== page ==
Also, printing can be an expensive thing for many-so the way they make it easier is you get to pick and choose what images you want on your business cards for instance. You can choose up to 50 different images to display on your Business Cards. They don not need to be all the same illustration. This to me adds variety. Also, its printed on eco friendly paper. And every pack of fifty cards is delivered in a free holder designed by MOO.


      • November 1, 2009 11:46 AM

        I left a reply a bit ago but I don’t see it. Sorry if you get this twice. Thank you guys for being so helpful. I will start working on your suggestions this week. My blog is set up through blogger. I guess the name with my gravatar leads to a non-existing page. I’ll have to fool around a bit to figure that out. In the meantime, here is the link to my blog.

        Thanks again!

  25. October 30, 2009 6:52 PM

    Great interview – Thanks Thomas and Holly. Heres is a questions that haunts me often. While we all have our own style – should we compromise our selfs, our styles for the client whims? Or a different way of stating this – Are we better off sticking to our main style or splitting our abilities. Jack-of-all-trades? Master of one?

    Something that should be pointed out about pricing for everyone – don’t charge ‘by the hour” NEVER NEVER NEVER. Alway have an agreed upon price. If the project changes – renegotiate the price. Why should you not charge by the hour? – The better you get, the faster you should get. If you charge an hourly rate you are only hurting your self. If you charge by the project, the faster you are the more projects you can do.

    • October 31, 2009 11:13 AM

      Hi Ed!
      First off I agree about what you said about pricing. That is something I always promote. Thanks for that.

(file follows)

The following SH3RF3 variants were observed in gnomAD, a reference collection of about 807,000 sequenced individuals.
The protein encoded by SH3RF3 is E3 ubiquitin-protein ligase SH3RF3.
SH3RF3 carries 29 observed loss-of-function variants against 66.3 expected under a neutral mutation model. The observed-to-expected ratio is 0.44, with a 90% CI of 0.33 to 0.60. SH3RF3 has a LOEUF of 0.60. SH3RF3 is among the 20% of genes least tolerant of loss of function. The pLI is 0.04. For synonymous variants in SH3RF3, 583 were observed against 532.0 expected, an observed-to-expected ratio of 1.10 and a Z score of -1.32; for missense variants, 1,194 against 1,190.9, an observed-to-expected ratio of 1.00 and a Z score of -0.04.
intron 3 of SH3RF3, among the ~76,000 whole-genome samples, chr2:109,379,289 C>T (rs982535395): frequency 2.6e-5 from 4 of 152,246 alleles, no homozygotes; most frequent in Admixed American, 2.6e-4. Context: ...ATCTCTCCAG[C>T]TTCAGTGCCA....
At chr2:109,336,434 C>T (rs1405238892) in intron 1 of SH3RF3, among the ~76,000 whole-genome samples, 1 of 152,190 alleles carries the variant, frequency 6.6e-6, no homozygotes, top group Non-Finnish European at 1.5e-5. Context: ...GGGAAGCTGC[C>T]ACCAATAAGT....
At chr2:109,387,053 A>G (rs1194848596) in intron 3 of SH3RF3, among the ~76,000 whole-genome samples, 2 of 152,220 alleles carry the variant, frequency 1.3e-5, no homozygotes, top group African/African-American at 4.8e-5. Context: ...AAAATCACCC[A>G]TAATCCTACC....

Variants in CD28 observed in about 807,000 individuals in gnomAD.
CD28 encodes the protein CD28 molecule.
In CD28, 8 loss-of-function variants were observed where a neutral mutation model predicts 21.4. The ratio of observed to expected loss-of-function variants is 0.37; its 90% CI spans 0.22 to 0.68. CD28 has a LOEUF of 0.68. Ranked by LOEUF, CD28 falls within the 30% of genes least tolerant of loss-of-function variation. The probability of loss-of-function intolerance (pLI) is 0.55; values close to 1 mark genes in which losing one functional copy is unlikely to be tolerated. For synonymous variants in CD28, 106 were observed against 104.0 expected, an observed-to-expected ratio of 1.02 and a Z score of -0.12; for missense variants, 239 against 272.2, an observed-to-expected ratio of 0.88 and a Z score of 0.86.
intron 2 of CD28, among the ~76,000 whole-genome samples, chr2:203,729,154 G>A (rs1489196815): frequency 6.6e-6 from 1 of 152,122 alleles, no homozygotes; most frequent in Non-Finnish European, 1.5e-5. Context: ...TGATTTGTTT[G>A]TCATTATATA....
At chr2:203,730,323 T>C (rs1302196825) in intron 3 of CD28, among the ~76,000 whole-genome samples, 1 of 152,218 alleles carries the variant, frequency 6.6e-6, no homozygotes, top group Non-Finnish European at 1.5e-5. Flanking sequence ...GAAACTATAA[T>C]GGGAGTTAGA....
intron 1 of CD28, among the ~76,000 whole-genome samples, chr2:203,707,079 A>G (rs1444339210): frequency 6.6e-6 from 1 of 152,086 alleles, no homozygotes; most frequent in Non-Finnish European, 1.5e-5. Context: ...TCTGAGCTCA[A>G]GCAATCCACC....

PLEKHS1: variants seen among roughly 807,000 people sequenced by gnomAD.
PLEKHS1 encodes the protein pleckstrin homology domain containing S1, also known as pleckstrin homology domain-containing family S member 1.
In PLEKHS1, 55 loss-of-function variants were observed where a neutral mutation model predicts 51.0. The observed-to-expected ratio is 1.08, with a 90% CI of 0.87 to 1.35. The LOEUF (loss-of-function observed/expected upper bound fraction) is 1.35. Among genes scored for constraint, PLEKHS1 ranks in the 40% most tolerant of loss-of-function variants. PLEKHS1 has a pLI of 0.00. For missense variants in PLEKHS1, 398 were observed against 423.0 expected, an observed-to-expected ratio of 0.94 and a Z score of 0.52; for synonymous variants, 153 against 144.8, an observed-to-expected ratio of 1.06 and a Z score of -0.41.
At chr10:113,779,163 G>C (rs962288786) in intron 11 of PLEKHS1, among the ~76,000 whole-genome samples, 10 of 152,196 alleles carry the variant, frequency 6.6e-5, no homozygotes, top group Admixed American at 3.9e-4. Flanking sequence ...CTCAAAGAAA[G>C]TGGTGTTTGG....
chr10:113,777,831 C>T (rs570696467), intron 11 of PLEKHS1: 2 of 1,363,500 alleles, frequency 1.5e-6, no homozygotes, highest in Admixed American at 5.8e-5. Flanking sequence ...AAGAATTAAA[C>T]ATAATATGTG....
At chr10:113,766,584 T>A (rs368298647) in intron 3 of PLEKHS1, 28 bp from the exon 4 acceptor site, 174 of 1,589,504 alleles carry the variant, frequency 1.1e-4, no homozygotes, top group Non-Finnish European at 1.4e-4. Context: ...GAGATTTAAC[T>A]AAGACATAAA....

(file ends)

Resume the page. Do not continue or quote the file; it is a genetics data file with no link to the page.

Style is a choice. You may stick with a style or get whimsical. If you can pull off a different style for a clients needs and are comfortable doing it-then why not. Keep in mind that you dont want your signature style being stood up! So promote that as much as possible. When in meetings with clients-let them know this is the style you prefer to work in. Sometimes the client will let you combine both into a piece-your style plus the style they are looking for.

      These are tough economic times so it could help you maintain work. Just make sure you feel comfortable swtiching it up from time to time. Everyone in a while I will get techical in my style but it is not the way I normally want to work. I will make special exceptions if I like the project, I like the client and I know I will gt paid for my time.

      Lastly, if your style comes natural then working another way could feel awkward and not feel like yours. Ask yourself if you will regret doing this project, will it feel tedious, frustrating or could it compromise your primary style. Make sure you do what is important for you and right for you. Hope that helps. Cheers!

  26. October 31, 2009 8:57 AM

    Well, to say I love the work you are doing would be a great understatement. I am afraid I will be let go from my current 9-5 job here in Arizona very soon due to the state of the economy here and I have been thinking about taking my hobby and making it my new “job”. To call doing what you love a “JOB” is not really fair. Let me be honest a few months ago I would have never dreamed of trying to follow my dreams in an art field. To see all the awesome artists here and see the support offered is a real blessing, and I for one want to say thanks!
    So if I were forced to ask a question here it would be: How do YOU keep your work space from your living space while working from home?
    I know everyone is different but every tip helps.
    Thank you again for all the wonderful resources.
    Kevin Anderson -&-

    • October 31, 2009 10:50 AM

      Hi Kevin!
      I talk about this extensively in my book. Working at home sounds easy in theory but can be a huge frustration. First off, you adding another routine to your houesehold. Your sense of time changes. You may feel ‘on’ all the time to work and find yourself working all day, all night with no off swtich. You will have many distractions such as Facebook, the tv, friends stopping over, a really great dvd collection, invitations to go out or the phone!

      You need a spce to call your own whether it is a spare room, a desk in your living room or the dining room table. Have a filing system, baskets or buckets to put the piles into and computer space. Paper seems to multiplies overnight! So I suggest tackling it every other day to keep up. Things you will have to combat is noise, distactations, mess, household duties (dreaded laundry) and finding the right time to work.

      Get creative. If you dont have a door to shut behind you try to section off your space with dividers (quite easy to make) or a funky curtain. The idea is this-its your workspace so make it work for you the best way you can. I wish you all the creative best in your new career! Cheers!

    • October 31, 2009 7:56 PM